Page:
The AAL (ATM Adaptation layer) which again has two sublayers, and is responsible for
providing interfaces to higher level protocols such as
TCP/IP and X.25
- The SAR (Segmentation and Reassembly sublayer) which breaks up and reassembles packets
to conform to the ATM size requirements, and
- The CV (convergence sublayer) which makes it possible for ATM systems to offer different
kinds of services.
Nodes in an ATM network have three distinct roles
- Hosts that send and receive messages
- VP (virtual path) switches that maintain tables of routing information
- VP/VC (virtual circuit) switches.
A virtual path is a bundle of virtual circuits associated with a physical
path between tow nodes.
Routing in ATM
ATM tries to do routing at a much lower level of the protocol stack than is the case in the OSI model.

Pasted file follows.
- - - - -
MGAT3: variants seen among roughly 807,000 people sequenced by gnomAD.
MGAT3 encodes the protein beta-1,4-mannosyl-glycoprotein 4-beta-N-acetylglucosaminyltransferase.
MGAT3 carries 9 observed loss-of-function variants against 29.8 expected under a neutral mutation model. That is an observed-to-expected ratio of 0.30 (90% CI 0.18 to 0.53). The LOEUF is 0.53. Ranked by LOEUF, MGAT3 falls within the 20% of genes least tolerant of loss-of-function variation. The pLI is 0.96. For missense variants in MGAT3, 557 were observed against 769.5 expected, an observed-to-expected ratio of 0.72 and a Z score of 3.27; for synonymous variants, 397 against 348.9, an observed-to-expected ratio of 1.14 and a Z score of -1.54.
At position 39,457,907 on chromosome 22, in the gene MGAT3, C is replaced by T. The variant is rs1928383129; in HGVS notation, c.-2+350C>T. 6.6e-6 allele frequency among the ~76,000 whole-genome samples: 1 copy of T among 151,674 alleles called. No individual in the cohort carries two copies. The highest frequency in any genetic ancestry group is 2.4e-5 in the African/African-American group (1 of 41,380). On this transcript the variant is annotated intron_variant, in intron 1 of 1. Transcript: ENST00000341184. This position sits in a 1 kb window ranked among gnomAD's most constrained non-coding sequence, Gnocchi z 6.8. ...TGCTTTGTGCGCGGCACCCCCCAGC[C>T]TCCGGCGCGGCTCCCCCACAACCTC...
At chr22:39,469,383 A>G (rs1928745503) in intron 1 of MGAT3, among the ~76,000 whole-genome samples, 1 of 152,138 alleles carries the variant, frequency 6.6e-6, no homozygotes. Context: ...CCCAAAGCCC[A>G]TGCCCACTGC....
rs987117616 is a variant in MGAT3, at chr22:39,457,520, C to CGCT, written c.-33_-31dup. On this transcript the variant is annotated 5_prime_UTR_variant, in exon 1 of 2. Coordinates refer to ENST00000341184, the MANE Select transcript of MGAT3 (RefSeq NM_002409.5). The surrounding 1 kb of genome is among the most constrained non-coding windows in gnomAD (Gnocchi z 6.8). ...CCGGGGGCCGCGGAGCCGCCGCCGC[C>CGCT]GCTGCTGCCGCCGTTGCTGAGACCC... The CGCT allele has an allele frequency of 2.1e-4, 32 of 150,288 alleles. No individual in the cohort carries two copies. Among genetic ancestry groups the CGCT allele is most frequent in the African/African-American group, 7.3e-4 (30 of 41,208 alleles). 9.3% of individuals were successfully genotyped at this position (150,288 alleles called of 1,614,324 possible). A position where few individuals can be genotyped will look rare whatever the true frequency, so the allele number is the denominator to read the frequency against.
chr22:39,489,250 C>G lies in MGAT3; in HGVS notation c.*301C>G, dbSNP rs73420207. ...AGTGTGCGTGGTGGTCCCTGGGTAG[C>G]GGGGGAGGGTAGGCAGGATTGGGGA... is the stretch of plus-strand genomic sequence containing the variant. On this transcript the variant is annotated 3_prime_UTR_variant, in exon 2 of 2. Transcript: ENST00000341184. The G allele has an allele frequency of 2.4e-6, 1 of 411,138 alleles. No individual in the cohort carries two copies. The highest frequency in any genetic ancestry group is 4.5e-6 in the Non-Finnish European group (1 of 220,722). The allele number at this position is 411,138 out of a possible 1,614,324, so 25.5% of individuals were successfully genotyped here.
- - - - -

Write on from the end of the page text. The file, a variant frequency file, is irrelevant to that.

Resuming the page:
Packets thus do not have to climb three layers and descend them again at each
node. The first four bytes of the header contain identifiers for the VP and VC.
Hardware switching is employed to route the packets so that except at the originating and
terminating nodes the packet remains on the lowest possible layer. It is this ability to do switching in hardware that
makes the data rates of ATM possible whilst at the same time requiring that the packet size remain small.
More Information on ATM
The ATM forum provides a web page
that gives an
overview of ATM.
Networks home page
Last Changed: 10 February 1997